Given his background, Trulio has kept a surprisingly low profile. A graduate of Princeton University, Trulio received a degree from Columbia University School of Law, where he was an editor of the Columbia Law Review. He later earned a masters degree from Harvard Business School.
Trulio practiced law at O’Melveny & Myers in Los Angeles before working in the Defense Department as a special assistant to the Pentagon’s comptroller. In 2005, he joined the Homeland Security Council staff.
Trulio points out that no matter how experienced Obama’s appointees may be in national security issues, they will lack hands-on experience in the new institutions of the post-9/11 executive branch and will face a learning curve at a time of heightened risk.
One of Obama’s first challenges will be how to deal with the threat from al-Qaida’s haven in the Federally Administered Tribal Areas in Pakistan bordering Afghanistan. The Bush administration has been targeting terrorists in the area, causing tension with Pakistan. Broader incursions risk destabilizing Pakistan, which has nuclear arms.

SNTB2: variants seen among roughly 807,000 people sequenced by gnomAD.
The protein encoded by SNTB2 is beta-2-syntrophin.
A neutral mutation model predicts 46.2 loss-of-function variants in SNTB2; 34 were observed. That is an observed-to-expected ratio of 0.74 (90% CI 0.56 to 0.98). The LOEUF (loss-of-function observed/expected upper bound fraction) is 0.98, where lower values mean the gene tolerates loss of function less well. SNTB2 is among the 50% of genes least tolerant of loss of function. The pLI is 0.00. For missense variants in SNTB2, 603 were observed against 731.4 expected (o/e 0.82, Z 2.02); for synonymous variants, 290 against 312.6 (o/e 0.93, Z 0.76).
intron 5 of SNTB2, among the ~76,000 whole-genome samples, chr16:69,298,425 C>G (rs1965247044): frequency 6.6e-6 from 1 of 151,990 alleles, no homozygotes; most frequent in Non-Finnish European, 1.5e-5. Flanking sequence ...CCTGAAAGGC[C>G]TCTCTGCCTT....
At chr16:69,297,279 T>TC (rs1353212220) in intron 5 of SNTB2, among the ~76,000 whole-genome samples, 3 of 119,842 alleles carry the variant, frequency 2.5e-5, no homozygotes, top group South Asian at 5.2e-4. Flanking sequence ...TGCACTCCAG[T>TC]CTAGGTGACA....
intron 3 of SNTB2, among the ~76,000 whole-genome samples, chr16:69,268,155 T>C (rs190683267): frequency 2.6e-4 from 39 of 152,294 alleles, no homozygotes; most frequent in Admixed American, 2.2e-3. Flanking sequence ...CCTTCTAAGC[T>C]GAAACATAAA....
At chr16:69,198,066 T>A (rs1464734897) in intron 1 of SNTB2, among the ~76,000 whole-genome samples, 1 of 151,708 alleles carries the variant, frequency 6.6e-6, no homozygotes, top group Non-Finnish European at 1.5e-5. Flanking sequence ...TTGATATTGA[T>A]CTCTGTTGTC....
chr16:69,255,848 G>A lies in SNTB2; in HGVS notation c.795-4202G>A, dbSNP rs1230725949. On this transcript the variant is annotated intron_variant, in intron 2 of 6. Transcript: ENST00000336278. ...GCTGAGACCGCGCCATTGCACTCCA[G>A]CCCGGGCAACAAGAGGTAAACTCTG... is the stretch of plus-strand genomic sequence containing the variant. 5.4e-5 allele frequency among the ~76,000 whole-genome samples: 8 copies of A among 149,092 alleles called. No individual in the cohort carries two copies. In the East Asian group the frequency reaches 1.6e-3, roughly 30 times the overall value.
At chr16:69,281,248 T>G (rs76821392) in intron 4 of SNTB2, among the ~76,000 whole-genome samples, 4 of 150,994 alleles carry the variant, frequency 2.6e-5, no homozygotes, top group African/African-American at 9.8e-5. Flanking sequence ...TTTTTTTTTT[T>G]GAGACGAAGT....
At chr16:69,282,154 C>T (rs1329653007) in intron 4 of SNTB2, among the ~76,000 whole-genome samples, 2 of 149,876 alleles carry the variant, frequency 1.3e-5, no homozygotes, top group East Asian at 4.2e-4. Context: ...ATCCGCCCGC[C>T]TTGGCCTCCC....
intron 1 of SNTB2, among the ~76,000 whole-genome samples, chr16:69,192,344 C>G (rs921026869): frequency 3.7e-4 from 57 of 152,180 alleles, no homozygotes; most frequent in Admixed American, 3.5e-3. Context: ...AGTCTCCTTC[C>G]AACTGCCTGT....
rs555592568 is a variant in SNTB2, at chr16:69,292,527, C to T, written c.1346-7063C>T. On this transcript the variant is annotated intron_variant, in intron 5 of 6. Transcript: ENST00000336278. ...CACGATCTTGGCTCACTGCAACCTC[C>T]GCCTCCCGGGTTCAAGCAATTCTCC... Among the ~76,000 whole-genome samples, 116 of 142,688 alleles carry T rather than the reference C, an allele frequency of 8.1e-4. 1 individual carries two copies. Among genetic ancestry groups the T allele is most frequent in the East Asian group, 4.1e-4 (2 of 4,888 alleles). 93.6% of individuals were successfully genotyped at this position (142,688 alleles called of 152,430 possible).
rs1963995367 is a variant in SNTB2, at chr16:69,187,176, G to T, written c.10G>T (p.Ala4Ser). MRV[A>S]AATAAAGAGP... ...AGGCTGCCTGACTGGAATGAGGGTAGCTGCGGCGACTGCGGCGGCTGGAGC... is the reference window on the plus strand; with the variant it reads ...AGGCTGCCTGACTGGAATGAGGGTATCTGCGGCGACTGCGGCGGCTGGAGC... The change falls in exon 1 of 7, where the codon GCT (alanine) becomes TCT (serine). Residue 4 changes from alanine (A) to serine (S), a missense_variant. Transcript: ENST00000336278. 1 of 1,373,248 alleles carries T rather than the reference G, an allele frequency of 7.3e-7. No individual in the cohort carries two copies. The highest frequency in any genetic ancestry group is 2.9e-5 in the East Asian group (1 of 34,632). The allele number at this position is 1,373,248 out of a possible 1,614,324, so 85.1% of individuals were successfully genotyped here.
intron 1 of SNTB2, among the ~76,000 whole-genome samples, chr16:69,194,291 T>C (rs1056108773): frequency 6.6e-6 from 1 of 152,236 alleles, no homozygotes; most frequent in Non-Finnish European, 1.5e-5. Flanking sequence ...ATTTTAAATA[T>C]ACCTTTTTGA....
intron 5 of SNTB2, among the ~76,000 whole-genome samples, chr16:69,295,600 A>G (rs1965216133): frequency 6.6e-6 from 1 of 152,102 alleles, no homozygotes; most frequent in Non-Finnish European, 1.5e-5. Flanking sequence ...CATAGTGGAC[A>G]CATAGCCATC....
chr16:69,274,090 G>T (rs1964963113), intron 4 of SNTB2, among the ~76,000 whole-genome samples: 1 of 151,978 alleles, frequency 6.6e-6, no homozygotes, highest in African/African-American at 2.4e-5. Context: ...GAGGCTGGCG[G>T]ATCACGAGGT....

“There are no good options, and continued working with the Pakistani government is going to be important,” Trulio says. “Ultimately, the new president and his team will have to decide on a course of action based on the latest information he receives in intelligence briefings.”
Obama will face the challenge of how to prevent attacks with weapons of mass destruction, Trulio says. Related to that issue is border security.
“We have doubled the number of border patrol agents since the president took office,” Trulio notes. “There have been substantial additions to the infrastructure and technology to secure the borders and the air, land, and sea ports of entry. Fewer people are trying to enter the U.S. illicitly. But despite all those substantial gains, hundreds of thousands of people per year continue to successfully enter our country illegally. That’s a very precarious situation.”